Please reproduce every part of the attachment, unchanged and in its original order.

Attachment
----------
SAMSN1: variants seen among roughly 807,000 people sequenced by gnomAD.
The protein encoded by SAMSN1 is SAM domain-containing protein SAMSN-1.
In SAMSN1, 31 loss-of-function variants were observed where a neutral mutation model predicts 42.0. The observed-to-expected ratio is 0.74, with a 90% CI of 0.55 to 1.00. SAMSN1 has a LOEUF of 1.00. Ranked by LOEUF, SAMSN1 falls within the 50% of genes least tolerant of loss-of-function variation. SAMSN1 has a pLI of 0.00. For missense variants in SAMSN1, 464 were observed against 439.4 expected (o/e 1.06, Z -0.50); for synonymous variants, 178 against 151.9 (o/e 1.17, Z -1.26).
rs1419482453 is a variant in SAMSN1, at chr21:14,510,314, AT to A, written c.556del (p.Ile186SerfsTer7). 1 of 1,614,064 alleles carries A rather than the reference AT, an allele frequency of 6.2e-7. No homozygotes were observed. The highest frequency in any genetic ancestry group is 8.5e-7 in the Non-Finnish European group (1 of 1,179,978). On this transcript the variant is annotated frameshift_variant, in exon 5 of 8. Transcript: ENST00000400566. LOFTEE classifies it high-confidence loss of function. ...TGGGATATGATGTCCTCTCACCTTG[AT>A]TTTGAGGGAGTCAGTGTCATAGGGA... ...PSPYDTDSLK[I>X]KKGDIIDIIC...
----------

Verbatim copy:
SAMSN1: variants seen among roughly 807,000 people sequenced by gnomAD.
The protein encoded by SAMSN1 is SAM domain-containing protein SAMSN-1.
In SAMSN1, 31 loss-of-function variants were observed where a neutral mutation model predicts 42.0. The observed-to-expected ratio is 0.74, with a 90% CI of 0.55 to 1.00. SAMSN1 has a LOEUF of 1.00. Ranked by LOEUF, SAMSN1 falls within the 50% of genes least tolerant of loss-of-function variation. SAMSN1 has a pLI of 0.00. For missense variants in SAMSN1, 464 were observed against 439.4 expected (o/e 1.06, Z -0.50); for synonymous variants, 178 against 151.9 (o/e 1.17, Z -1.26).
rs1419482453 is a variant in SAMSN1, at chr21:14,510,314, AT to A, written c.556del (p.Ile186SerfsTer7). 1 of 1,614,064 alleles carries A rather than the reference AT, an allele frequency of 6.2e-7. No homozygotes were observed. The highest frequency in any genetic ancestry group is 8.5e-7 in the Non-Finnish European group (1 of 1,179,978). On this transcript the variant is annotated frameshift_variant, in exon 5 of 8. Transcript: ENST00000400566. LOFTEE classifies it high-confidence loss of function. ...TGGGATATGATGTCCTCTCACCTTG[AT>A]TTTGAGGGAGTCAGTGTCATAGGGA... ...PSPYDTDSLK[I>X]KKGDIIDIIC...